In this paper, we use estimates of completeness of death counts registration produced by Lima and Queiroz (2014), specifically those using the “Adjusted Synthetic Extinct Generations (SEG-adj)” method proposed by Hill et al. (2009). These estimates relate to all causes of death. Thus, a strong assumption of this study is that there is no significant difference between the quality of mortality data for all causes of deaths compared to cardiovascular diseases. As in other studies, the possible underreporting found in deaths from cardiovascular diseases will be fixed, using all causes of death as a basis (MURRAY; LOPEZ, 1996MURRAY, C. J. L.; LOPEZ, A. D. Estimating causes of death: new methods and global and regional applications for 1990. The global burden of disease. Cambridge, MA: Harvard University Press, 1996. p. 117-200.; LOPEZ et al., 2006LOPEZ, A. D. et al. Measuring the global burden of disease and risk factors, 1990–2001. In: LOPEZ, A. D. et al. (Ed.). Global burden of disease and risk factors. Washington (DC): The International Bank for Reconstruction and Development / The World Bank; New York: Oxford University Press; 2006. v. 1, p. 1-14.).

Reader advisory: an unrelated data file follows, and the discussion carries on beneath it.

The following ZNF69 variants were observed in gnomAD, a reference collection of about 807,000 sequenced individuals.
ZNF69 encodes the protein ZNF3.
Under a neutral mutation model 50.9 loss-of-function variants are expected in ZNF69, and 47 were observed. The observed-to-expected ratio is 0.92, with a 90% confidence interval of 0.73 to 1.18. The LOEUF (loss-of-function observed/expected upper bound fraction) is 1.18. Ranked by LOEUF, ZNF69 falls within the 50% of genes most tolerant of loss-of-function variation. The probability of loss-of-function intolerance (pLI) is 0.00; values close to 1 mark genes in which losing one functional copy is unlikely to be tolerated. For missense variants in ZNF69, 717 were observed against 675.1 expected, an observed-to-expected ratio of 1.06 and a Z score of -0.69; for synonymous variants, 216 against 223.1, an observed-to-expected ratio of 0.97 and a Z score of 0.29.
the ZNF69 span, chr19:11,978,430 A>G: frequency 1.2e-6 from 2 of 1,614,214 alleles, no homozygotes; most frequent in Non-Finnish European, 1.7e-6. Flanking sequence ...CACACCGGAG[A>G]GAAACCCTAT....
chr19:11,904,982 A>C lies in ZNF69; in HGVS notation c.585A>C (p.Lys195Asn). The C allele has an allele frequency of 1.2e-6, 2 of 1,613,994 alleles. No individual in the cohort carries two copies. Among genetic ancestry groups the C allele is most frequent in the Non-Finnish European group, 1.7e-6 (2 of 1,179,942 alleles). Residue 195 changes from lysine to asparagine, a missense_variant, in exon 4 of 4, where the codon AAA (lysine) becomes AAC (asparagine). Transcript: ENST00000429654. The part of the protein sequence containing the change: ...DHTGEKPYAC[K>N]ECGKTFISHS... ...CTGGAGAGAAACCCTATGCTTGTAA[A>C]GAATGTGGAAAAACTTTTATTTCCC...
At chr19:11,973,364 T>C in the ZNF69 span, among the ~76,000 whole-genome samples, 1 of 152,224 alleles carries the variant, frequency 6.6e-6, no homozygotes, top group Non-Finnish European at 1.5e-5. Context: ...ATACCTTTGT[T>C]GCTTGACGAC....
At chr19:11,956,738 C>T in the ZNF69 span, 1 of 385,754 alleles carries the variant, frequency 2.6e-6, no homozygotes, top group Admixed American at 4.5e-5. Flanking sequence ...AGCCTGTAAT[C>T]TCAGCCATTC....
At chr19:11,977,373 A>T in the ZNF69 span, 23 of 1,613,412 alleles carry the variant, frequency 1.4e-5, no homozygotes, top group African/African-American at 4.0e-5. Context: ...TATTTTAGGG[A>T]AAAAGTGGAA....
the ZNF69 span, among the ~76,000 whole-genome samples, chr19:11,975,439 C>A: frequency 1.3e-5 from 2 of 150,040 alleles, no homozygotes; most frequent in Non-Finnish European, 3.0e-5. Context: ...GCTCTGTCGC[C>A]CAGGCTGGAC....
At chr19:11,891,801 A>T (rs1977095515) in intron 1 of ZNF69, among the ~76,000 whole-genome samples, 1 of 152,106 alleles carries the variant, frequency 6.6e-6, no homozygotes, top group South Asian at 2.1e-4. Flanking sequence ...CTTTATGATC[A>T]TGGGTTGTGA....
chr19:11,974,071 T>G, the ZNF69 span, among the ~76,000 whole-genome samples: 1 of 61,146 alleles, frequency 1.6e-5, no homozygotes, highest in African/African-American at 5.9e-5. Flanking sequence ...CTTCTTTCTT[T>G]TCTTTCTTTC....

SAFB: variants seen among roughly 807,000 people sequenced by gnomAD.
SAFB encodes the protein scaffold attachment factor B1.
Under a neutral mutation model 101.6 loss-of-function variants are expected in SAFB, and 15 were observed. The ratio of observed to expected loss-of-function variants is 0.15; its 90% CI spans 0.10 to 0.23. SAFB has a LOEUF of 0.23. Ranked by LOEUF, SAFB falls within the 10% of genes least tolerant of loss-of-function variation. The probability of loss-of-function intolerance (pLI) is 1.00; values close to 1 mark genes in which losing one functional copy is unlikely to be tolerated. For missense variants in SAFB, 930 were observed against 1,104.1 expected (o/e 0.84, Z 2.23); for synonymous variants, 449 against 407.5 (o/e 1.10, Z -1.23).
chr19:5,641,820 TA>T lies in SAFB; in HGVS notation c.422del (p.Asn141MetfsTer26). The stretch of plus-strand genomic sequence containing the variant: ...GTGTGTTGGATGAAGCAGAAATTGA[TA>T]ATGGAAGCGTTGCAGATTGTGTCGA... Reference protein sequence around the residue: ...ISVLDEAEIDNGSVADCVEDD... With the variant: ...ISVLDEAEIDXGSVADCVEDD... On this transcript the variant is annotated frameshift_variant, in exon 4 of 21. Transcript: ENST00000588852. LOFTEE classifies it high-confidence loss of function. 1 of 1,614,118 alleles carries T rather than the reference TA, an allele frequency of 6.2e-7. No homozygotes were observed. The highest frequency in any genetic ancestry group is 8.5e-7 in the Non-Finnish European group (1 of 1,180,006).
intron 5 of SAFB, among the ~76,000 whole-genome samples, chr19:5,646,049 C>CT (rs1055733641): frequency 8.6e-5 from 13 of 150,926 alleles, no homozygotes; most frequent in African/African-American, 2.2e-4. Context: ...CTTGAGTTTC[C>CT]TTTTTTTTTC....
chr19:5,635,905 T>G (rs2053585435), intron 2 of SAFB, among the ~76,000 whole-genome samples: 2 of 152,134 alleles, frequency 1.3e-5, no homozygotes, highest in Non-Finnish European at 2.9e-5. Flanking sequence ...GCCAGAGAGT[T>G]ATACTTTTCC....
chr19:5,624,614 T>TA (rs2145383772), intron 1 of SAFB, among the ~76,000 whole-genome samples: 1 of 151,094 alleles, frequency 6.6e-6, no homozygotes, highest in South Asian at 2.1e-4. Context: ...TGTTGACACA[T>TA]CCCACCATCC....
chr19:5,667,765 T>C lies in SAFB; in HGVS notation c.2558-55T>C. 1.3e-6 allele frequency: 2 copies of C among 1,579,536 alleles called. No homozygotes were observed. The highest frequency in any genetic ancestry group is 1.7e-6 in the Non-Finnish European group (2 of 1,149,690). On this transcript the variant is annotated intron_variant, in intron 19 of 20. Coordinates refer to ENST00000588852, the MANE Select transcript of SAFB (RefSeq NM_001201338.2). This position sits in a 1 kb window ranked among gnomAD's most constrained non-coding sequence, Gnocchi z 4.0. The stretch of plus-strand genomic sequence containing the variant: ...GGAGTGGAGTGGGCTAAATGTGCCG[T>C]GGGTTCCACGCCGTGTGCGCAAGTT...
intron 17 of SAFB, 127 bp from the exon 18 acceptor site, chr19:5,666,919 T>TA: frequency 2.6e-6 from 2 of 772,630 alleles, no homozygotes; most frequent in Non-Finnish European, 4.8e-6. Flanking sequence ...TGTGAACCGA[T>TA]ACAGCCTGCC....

Lima and Queiroz (2014) present estimates of the degree of coverage by meso-regions by using the methods of “Synthetic Extinct Generations – SEG” (Bennett; Horiuchi, 1981), “General Growth Balance – GGB” (HILL, 1987), and “adjusted Synthetic Extinct Generations – SEG-adj” (HILL et al., 2009). However, as the existing literature does not indicate the best method for the correction of death underreporting, we decided to use the SEG-adj method because it is considered, in general, to be more robust than others.3 3 For more details about the methods SEG, GGB and SEG-adj view Bennett and Horiuchi (1981), Hill (1987), Timaeus (1991), Hill et al. (2009), Lima et al. (2014), Lima and Queiroz (2014).